I’d especially like to thank the many people who supported Holly during her time in New Zealand and who took the time to meet and hear Holly speak about her extensive work with museums and indigenous communities. A sincere thanks goes out to the wonderful staff and Trust Board at Tairawhiti Museum, Richard Wagner from the DOC Aniwaniwa Centre near Waikaremoana, Wayne Ngata and Hera Ngata-Gibson from Te Aitanga-a-Hauiti, Ngāi Tūhoe Master Carver Fred Singh-Largh, Dean Flavell and Fiona Kean at the Heritage Collection in Tauranga, Hera Ngata-Gibson and fellow staff and students at Te Puia NZ Māori Arts and Crafts Institute in Rotorua, and the staff, volunteers and Pukenga Rōpū (Committee of Te Arawa Elders) at Rotorua Museum.
Image: Dean Flavell and Anaru Rondon introducing Holly to the Taonga Māori collections at the Heritage Collection in Tauranga
Holly spoke intensively and insightfully about the important role of community, and about how indigenous communities can help to inform and even lead museum developments and programmes. She talked about recognising and operating in partnership with communities and indigenous groups.
Holly shared many examples of what North American cultural centres are doing for and with communities and indigenous groups. This includes hands-on education and engagement, not inside museum or gallery walls but out on traditional lands, places where traditional knowledge and practices are living, where the science of testing your environment, the safety of your foods and your people’s health are all important to the sustainability and success of culture. She talked about seeing indigenous community leaders and elders making decisions, seeing that perhaps no one way is right or wrong, and acknowledging that communities know what they need. Perhaps what communities don’t need most is others assuming or telling them what they need.
One aspect that resonated strongly with me was when Holly shared experiences about how ‘true partnership is when power is shared’. This led to many group discussions about how people in our communities are often the holders of great knowledge that isn’t written in any book and can’t be found on the internet. They are the tohunga (the experts). If we work in partnerships where power and control is shared, our sector and our communities could experience a profound difference.
Image: Clive Fugill, Master Carver from Te Puia, NZ Māori Arts Crafts Institute Te Wānanga Whakairo Rākau, Rotorua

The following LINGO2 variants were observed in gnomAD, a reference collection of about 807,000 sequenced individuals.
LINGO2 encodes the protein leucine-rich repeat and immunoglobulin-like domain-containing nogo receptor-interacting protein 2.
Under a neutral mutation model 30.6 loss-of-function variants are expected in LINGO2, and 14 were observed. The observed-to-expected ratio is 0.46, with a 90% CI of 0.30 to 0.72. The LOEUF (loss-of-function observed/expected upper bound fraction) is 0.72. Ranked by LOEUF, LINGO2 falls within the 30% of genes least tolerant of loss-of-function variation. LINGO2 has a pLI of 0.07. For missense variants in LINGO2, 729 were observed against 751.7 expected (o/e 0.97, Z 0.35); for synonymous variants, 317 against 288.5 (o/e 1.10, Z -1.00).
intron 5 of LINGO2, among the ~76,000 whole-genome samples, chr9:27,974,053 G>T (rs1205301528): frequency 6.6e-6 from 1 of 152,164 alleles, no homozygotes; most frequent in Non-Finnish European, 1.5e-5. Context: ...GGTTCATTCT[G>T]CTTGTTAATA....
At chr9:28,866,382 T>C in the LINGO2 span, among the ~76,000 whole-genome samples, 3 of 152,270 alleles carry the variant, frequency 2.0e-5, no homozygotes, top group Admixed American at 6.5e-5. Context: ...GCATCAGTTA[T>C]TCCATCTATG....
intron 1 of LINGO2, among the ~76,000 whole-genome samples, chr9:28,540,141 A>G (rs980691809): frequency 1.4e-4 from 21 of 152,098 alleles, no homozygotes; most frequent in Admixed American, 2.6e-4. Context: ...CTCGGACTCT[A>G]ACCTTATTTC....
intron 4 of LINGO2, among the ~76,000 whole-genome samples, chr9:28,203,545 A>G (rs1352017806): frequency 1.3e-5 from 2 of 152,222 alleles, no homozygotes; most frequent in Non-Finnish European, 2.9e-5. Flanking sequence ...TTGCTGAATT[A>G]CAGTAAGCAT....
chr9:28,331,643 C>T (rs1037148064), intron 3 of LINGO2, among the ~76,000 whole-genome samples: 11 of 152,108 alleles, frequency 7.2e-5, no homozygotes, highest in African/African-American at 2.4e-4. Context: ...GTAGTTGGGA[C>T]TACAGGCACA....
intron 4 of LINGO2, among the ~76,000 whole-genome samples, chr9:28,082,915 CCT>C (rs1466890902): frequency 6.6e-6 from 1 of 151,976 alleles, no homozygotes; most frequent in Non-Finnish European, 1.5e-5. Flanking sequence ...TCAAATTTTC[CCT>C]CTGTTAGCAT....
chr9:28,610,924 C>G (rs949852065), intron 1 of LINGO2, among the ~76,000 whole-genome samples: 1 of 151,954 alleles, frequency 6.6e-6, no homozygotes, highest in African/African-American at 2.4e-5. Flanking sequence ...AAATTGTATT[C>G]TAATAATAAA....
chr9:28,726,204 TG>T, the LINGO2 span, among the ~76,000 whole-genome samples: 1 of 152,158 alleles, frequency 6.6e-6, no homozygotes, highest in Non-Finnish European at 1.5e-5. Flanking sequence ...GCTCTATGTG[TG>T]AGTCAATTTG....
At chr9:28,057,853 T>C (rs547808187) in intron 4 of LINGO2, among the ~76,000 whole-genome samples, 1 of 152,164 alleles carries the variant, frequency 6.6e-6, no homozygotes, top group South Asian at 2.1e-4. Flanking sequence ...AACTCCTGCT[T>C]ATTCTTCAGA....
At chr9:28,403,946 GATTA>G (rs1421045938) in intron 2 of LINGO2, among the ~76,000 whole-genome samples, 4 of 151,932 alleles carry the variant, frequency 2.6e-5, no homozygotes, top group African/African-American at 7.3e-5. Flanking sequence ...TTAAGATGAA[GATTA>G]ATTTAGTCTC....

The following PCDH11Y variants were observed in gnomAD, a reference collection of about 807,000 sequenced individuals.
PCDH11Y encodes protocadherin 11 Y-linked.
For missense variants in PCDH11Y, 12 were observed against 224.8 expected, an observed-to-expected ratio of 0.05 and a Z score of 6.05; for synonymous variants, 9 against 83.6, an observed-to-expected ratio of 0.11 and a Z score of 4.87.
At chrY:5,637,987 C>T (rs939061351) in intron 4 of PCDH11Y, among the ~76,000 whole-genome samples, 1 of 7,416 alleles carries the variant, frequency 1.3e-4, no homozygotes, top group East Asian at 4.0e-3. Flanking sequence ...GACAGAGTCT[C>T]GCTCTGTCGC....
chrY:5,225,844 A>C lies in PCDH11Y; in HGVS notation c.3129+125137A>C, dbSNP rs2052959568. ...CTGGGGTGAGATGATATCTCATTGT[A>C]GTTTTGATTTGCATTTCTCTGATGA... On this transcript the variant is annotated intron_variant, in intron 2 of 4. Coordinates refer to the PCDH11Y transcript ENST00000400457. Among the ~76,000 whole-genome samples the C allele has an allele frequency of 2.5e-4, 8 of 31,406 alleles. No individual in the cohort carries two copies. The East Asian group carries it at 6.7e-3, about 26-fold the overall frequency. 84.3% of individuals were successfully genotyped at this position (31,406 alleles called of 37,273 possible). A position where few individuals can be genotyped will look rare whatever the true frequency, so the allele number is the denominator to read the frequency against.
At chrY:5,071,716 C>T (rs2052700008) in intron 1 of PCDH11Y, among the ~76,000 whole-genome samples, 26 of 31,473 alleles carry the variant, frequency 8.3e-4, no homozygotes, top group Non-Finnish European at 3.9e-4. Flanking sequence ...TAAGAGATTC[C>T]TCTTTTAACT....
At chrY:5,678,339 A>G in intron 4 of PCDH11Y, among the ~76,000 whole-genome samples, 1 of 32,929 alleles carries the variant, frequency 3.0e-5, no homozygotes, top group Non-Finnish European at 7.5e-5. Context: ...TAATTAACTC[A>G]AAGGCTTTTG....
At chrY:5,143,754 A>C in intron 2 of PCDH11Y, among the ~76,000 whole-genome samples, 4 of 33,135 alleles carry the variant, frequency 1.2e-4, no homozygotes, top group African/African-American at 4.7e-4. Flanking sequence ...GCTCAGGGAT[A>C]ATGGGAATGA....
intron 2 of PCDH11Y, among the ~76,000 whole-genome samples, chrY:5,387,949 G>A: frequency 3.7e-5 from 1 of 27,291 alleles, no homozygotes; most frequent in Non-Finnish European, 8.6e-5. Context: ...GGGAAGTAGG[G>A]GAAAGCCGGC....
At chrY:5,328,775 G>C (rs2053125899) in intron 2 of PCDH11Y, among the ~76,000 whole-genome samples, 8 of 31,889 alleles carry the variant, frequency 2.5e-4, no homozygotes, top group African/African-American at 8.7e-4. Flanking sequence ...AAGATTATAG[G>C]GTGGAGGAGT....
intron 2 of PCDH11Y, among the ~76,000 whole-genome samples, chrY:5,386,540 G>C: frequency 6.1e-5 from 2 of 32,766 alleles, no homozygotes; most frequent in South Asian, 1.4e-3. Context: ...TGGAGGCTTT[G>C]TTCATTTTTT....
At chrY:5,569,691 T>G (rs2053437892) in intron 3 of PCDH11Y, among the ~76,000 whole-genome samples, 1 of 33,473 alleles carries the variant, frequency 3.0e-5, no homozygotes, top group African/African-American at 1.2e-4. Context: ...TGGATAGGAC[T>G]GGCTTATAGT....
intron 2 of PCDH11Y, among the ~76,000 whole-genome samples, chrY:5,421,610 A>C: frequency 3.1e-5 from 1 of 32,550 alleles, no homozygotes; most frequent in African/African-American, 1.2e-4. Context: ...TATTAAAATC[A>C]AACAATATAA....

Image: Holly taking a tour of Te Puia
In many ways I think Holly, Gavin and I came away from this time together on the road in the East Coast and Bay of Plenty with more questions than answers. The people and places we visited opened many levels of dialogue, with more possibilities that I’m sure we’re all looking forward to exploring in future. I look forward to Holly’s return.
Dates to diary
22–23 October are the set dates for the 2013 Middle Earth Curators’ Hui. This year’s Hui theme, Collections and Collaborations, explores issues facing museums and galleries in their interactions with communities and stakeholders. The venue will be Te Manawa Museum of Art, Science and History in Palmerston North. (Middle Earth refers to the middle North Island: from Kāpiti to Taranaki, up and over to Tauranga, taking in Rotorua and Taupō, and down the east coast via Gisborne and Hawke’s Bay, into Wairarapa and Manawatū.)
Find out more about the Hui
For those interested in attending, keep in mind the National Services Te Paerangi Travel Subsidy Grant.
This grant can help your organisation to subsidise travelling expenses associated with training opportunities or workshops within New Zealand.
- National Services Te Paerangi welcome applications from non-profit organisations of all sizes and stages of development.
- Applications are welcome for any amount up to a maximum of $300, including GST.
- An organisation can make up to three applications per financial year.
- The financial year runs from 1 July to 30 June.
The Travel Subsidy Grant could help you and some of your fellow colleagues attend this wonderful opportunity at Te Manawa or any other training opportunity or workshop held within New Zealand.
Find out more about the Travel Subsidy Grant
I’m looking forward to working with more of our museum and gallery colleagues at your place!
Ngā mihi nui, na